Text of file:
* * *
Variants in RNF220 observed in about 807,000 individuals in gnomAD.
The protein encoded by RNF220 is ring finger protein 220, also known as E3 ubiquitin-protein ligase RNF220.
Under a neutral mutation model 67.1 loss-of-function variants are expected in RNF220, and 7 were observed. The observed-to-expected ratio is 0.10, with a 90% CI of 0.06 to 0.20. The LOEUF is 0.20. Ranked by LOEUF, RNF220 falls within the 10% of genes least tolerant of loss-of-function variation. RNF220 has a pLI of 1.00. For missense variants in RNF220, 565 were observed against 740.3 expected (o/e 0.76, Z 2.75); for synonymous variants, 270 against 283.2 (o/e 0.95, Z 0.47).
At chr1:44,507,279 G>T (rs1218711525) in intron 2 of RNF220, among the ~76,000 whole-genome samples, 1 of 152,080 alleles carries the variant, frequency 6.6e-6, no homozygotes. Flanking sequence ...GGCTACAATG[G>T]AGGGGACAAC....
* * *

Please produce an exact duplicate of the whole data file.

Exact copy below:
Variants in RNF220 observed in about 807,000 individuals in gnomAD.
The protein encoded by RNF220 is ring finger protein 220, also known as E3 ubiquitin-protein ligase RNF220.
Under a neutral mutation model 67.1 loss-of-function variants are expected in RNF220, and 7 were observed. The observed-to-expected ratio is 0.10, with a 90% CI of 0.06 to 0.20. The LOEUF is 0.20. Ranked by LOEUF, RNF220 falls within the 10% of genes least tolerant of loss-of-function variation. RNF220 has a pLI of 1.00. For missense variants in RNF220, 565 were observed against 740.3 expected (o/e 0.76, Z 2.75); for synonymous variants, 270 against 283.2 (o/e 0.95, Z 0.47).
At chr1:44,507,279 G>T (rs1218711525) in intron 2 of RNF220, among the ~76,000 whole-genome samples, 1 of 152,080 alleles carries the variant, frequency 6.6e-6, no homozygotes. Flanking sequence ...GGCTACAATG[G>T]AGGGGACAAC....